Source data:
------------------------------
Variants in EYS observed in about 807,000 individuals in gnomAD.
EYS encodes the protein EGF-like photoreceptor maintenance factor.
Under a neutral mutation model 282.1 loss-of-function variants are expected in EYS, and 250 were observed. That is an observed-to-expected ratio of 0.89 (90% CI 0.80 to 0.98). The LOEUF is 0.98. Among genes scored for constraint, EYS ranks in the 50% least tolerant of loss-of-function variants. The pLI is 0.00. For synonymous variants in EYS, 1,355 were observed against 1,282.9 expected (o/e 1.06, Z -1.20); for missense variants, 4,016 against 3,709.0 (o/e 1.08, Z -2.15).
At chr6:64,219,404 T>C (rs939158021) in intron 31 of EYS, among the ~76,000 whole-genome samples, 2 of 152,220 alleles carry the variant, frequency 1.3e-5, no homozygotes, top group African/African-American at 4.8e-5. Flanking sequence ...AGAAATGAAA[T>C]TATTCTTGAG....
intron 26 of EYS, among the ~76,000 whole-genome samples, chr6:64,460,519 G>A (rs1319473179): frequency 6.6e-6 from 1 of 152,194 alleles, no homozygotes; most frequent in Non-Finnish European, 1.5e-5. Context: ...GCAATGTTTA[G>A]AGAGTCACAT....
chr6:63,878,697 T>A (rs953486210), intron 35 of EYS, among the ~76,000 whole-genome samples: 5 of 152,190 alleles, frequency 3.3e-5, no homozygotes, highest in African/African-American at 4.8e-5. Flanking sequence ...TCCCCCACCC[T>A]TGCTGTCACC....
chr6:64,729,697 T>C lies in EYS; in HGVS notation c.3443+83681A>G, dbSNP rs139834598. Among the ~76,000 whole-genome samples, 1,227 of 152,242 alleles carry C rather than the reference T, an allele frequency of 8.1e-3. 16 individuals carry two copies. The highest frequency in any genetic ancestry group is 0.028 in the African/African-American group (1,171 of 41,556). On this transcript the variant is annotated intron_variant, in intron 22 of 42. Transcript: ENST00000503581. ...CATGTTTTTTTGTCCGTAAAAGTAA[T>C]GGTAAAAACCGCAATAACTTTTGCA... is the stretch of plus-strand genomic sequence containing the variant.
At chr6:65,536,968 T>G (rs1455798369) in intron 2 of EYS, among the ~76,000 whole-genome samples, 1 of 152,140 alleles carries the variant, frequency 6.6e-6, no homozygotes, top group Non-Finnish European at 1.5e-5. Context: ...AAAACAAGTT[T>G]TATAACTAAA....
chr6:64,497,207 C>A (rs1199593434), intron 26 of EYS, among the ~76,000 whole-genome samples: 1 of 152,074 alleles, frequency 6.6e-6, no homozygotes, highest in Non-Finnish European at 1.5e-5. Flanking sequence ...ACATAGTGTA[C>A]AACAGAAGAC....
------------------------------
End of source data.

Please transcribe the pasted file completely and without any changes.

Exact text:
Variants in EYS observed in about 807,000 individuals in gnomAD.
EYS encodes the protein EGF-like photoreceptor maintenance factor.
Under a neutral mutation model 282.1 loss-of-function variants are expected in EYS, and 250 were observed. That is an observed-to-expected ratio of 0.89 (90% CI 0.80 to 0.98). The LOEUF is 0.98. Among genes scored for constraint, EYS ranks in the 50% least tolerant of loss-of-function variants. The pLI is 0.00. For synonymous variants in EYS, 1,355 were observed against 1,282.9 expected (o/e 1.06, Z -1.20); for missense variants, 4,016 against 3,709.0 (o/e 1.08, Z -2.15).
At chr6:64,219,404 T>C (rs939158021) in intron 31 of EYS, among the ~76,000 whole-genome samples, 2 of 152,220 alleles carry the variant, frequency 1.3e-5, no homozygotes, top group African/African-American at 4.8e-5. Flanking sequence ...AGAAATGAAA[T>C]TATTCTTGAG....
intron 26 of EYS, among the ~76,000 whole-genome samples, chr6:64,460,519 G>A (rs1319473179): frequency 6.6e-6 from 1 of 152,194 alleles, no homozygotes; most frequent in Non-Finnish European, 1.5e-5. Context: ...GCAATGTTTA[G>A]AGAGTCACAT....
chr6:63,878,697 T>A (rs953486210), intron 35 of EYS, among the ~76,000 whole-genome samples: 5 of 152,190 alleles, frequency 3.3e-5, no homozygotes, highest in African/African-American at 4.8e-5. Flanking sequence ...TCCCCCACCC[T>A]TGCTGTCACC....
chr6:64,729,697 T>C lies in EYS; in HGVS notation c.3443+83681A>G, dbSNP rs139834598. Among the ~76,000 whole-genome samples, 1,227 of 152,242 alleles carry C rather than the reference T, an allele frequency of 8.1e-3. 16 individuals carry two copies. The highest frequency in any genetic ancestry group is 0.028 in the African/African-American group (1,171 of 41,556). On this transcript the variant is annotated intron_variant, in intron 22 of 42. Transcript: ENST00000503581. ...CATGTTTTTTTGTCCGTAAAAGTAA[T>C]GGTAAAAACCGCAATAACTTTTGCA... is the stretch of plus-strand genomic sequence containing the variant.
At chr6:65,536,968 T>G (rs1455798369) in intron 2 of EYS, among the ~76,000 whole-genome samples, 1 of 152,140 alleles carries the variant, frequency 6.6e-6, no homozygotes, top group Non-Finnish European at 1.5e-5. Context: ...AAAACAAGTT[T>G]TATAACTAAA....
chr6:64,497,207 C>A (rs1199593434), intron 26 of EYS, among the ~76,000 whole-genome samples: 1 of 152,074 alleles, frequency 6.6e-6, no homozygotes, highest in Non-Finnish European at 1.5e-5. Flanking sequence ...ACATAGTGTA[C>A]AACAGAAGAC....